Doing DIY right
DIY - do you love it or loath it? Some of us relish the thought of pushing up our sleeves and tackling the job of landscaping our garden, complete with a pond, raised beds and a new patio; others consider a little painting to be about their limit. It is not necessarily down to our abilities that we attempt something ourselves or call in the experts. Some of the most enthusiastic of DIYers are notably skill-free - consider TV show titles along the lines of DIY Disasters and DIYers from Hell and you get the picture.
People are still keen to take on decorating, gardening, restoring and even building themselves, whether it is a simple case of putting on new handles on a chest of drawers or tackling an extension or serious remodelling project. Just remember that doing something yourself will enable you to make significant cost savings, but only if you get it right.
It can be extremely rewarding to look round at your sitting room, for example, and think ‘I did this and it looks great.’ Needless to say, it can be extremely demoralising to look at a wonky set of shelves and think ‘I did this and it looks dreadful.’
Before you take on a large project, it is worth taking a good and honest look at your skills, your available time and your commitment. Let’s use the example of furniture restoration. It probably looks quite easy when you see it on the TV, but it usually isn’t. If you have bought a cheap secondhand chest of drawers, it won’t matter if you go wrong; however, if you have spent several hundred pounds on something, do you really want to mess it up?
A new set of curtains in the shops may run to hundreds of pounds for a big window and it would be perfectly reasonable to think that it would be a lot cheaper to make them yourself. Take a look at how much the material will cost, adding in the extras such as lining and heading tape. It all adds up and while fabric might only be £8 a metre, you might need 10 metres of it and 10 metres of lining material. You also need quite a lot of space to lay out the material.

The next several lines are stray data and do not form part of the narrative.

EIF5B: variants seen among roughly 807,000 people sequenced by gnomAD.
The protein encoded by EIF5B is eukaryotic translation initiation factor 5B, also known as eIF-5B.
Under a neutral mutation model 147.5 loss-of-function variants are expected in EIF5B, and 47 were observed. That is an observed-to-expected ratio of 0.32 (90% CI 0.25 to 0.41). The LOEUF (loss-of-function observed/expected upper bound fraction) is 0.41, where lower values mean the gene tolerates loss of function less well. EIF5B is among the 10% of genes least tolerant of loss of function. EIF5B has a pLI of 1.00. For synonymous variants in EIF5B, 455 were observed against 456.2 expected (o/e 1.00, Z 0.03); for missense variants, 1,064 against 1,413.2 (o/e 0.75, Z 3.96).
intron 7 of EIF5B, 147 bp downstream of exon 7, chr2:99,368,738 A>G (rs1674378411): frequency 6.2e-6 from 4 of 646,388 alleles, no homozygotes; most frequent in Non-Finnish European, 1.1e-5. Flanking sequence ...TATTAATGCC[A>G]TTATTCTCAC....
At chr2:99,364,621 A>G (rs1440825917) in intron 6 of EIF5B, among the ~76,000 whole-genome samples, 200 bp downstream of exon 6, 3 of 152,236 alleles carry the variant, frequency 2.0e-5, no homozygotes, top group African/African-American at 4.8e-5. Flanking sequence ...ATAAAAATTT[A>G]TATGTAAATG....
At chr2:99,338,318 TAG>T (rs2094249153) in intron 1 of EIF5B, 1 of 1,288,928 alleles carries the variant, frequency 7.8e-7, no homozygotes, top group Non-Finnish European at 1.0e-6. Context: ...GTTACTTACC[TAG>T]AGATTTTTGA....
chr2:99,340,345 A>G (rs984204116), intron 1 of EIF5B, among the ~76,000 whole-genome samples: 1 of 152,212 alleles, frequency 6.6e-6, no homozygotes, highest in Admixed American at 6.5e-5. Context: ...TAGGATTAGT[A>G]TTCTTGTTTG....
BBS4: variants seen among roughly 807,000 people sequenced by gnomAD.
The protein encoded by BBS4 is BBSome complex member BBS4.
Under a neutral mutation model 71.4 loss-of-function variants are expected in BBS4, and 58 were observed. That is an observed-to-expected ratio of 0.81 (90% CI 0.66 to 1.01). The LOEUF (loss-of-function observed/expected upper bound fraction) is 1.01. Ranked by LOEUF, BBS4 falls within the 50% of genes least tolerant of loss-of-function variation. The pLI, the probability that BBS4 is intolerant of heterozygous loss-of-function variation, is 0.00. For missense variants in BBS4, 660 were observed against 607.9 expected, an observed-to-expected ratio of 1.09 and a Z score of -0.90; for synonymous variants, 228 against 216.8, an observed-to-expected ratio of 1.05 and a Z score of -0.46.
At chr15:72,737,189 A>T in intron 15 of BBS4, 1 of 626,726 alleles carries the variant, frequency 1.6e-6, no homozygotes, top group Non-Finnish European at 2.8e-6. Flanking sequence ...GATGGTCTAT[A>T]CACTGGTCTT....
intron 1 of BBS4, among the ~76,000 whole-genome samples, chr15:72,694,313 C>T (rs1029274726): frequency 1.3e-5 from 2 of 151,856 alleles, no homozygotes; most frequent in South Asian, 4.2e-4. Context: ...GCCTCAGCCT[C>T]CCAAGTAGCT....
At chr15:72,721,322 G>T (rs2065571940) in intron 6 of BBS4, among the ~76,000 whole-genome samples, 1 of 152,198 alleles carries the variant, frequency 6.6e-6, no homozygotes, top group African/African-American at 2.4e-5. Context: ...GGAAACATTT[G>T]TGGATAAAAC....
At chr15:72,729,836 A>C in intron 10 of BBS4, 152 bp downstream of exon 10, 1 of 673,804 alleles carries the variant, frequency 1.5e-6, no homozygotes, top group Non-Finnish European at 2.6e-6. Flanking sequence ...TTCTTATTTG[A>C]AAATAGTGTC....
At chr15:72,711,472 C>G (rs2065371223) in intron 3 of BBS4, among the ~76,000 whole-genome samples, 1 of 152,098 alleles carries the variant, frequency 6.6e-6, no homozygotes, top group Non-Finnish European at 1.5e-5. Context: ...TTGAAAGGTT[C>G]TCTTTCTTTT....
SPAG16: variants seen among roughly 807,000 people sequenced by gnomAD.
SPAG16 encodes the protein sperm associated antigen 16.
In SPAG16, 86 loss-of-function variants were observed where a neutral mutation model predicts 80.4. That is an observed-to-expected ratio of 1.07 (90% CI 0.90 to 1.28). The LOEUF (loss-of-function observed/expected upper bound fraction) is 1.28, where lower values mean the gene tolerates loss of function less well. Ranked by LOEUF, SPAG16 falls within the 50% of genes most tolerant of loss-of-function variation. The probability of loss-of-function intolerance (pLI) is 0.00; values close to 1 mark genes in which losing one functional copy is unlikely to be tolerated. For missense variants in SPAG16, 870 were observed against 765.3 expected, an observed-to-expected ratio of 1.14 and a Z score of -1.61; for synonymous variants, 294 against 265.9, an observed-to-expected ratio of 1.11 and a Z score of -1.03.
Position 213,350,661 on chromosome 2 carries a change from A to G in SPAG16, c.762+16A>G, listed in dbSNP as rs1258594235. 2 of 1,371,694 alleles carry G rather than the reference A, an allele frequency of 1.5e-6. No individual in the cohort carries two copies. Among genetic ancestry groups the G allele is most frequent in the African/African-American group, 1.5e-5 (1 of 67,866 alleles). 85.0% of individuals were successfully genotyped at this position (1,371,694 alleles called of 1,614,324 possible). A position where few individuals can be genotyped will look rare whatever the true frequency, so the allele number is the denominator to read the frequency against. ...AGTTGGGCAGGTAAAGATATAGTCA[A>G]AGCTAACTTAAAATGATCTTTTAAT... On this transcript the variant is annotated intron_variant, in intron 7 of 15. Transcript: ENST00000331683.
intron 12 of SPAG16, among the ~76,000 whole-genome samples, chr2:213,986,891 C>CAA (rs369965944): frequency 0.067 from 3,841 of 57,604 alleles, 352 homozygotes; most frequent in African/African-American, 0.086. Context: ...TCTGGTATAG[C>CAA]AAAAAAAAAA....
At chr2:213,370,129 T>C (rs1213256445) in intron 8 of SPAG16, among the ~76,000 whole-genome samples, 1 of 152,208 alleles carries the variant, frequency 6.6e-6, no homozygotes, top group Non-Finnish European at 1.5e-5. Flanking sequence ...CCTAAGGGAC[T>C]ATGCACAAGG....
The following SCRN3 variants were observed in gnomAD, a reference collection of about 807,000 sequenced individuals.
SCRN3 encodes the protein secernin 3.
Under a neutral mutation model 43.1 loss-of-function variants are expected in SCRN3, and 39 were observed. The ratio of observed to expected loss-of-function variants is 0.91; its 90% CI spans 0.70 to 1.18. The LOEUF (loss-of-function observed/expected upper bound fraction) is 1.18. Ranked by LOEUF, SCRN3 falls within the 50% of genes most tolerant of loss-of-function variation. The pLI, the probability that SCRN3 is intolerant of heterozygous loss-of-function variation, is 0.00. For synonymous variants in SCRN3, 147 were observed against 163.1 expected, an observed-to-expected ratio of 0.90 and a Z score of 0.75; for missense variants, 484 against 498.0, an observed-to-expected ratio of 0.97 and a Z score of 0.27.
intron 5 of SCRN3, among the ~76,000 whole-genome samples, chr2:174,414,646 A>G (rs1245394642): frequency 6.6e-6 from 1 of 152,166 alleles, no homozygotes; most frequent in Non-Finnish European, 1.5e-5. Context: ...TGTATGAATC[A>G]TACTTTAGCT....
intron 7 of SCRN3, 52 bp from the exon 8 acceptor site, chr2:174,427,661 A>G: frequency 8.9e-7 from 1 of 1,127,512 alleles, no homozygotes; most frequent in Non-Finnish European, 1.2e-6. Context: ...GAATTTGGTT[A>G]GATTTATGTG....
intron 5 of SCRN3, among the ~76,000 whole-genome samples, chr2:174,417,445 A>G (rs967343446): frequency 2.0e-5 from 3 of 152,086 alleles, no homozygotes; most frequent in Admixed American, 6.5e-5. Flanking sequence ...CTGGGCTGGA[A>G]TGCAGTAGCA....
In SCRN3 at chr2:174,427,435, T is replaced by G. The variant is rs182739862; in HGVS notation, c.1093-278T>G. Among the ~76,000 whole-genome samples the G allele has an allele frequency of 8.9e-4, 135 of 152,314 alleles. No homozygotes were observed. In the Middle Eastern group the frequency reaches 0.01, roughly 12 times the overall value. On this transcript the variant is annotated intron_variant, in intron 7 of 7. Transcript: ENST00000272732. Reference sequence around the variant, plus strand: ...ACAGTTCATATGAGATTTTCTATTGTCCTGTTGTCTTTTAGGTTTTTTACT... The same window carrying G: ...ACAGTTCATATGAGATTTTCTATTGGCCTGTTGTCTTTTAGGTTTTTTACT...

Firstly, remember that very specific skill sets are needed for each different job, such as creating new legs for a chair, making curtains or replastering a ceiling. If you are going to be living with your efforts, you really want to get the best finish you can. Numerous DIY projects end up unfinished, either through a lack of ability, or time, or inclination!
Secondly, if you are still determined to do it yourself, and particularly if it is a larger or costlier project, it might be worth considering doing a course. The long and varied list of courses offered around the country covers everything from bricklaying and plastering to upholstery and French polishing. If you are serious about home improvements, or crafts, or learning a whole new skill altogether, you can take your pick from amateur adult education courses and professional, accredited courses at further education colleges that provide you with a professional qualification at the end. Training websites such as Hot Courses offer advice on what to expect from courses and where to find them, from short courses to City and Guilds and apprenticeships.
Finally, know when to say ‘I think it’s time we got someone in.’ There can be so much we want to do and sometimes our enthusiasm overrides our brain. Plan carefully, perhaps taking time off work. Cost the job up. If you really don’t want to do it, there is no shame in picking up the phone and calling in a professional.
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